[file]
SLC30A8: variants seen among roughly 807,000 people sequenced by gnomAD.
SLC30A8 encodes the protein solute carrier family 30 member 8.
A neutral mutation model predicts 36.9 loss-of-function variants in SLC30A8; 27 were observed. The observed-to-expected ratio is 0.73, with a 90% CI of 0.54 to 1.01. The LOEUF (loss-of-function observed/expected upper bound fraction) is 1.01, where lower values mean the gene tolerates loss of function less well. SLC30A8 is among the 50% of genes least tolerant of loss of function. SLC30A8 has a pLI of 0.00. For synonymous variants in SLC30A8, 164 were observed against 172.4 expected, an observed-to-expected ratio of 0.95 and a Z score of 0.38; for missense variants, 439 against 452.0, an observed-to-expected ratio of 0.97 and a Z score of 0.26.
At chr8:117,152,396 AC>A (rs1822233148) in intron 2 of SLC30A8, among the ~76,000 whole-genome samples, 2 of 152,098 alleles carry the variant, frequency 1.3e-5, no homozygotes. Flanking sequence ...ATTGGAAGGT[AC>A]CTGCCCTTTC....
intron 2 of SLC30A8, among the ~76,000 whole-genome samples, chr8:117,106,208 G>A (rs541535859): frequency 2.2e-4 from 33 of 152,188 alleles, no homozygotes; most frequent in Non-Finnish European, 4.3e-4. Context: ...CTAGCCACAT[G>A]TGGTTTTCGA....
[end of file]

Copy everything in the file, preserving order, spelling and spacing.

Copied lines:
SLC30A8: variants seen among roughly 807,000 people sequenced by gnomAD.
SLC30A8 encodes the protein solute carrier family 30 member 8.
A neutral mutation model predicts 36.9 loss-of-function variants in SLC30A8; 27 were observed. The observed-to-expected ratio is 0.73, with a 90% CI of 0.54 to 1.01. The LOEUF (loss-of-function observed/expected upper bound fraction) is 1.01, where lower values mean the gene tolerates loss of function less well. SLC30A8 is among the 50% of genes least tolerant of loss of function. SLC30A8 has a pLI of 0.00. For synonymous variants in SLC30A8, 164 were observed against 172.4 expected, an observed-to-expected ratio of 0.95 and a Z score of 0.38; for missense variants, 439 against 452.0, an observed-to-expected ratio of 0.97 and a Z score of 0.26.
At chr8:117,152,396 AC>A (rs1822233148) in intron 2 of SLC30A8, among the ~76,000 whole-genome samples, 2 of 152,098 alleles carry the variant, frequency 1.3e-5, no homozygotes. Flanking sequence ...ATTGGAAGGT[AC>A]CTGCCCTTTC....
intron 2 of SLC30A8, among the ~76,000 whole-genome samples, chr8:117,106,208 G>A (rs541535859): frequency 2.2e-4 from 33 of 152,188 alleles, no homozygotes; most frequent in Non-Finnish European, 4.3e-4. Context: ...CTAGCCACAT[G>A]TGGTTTTCGA....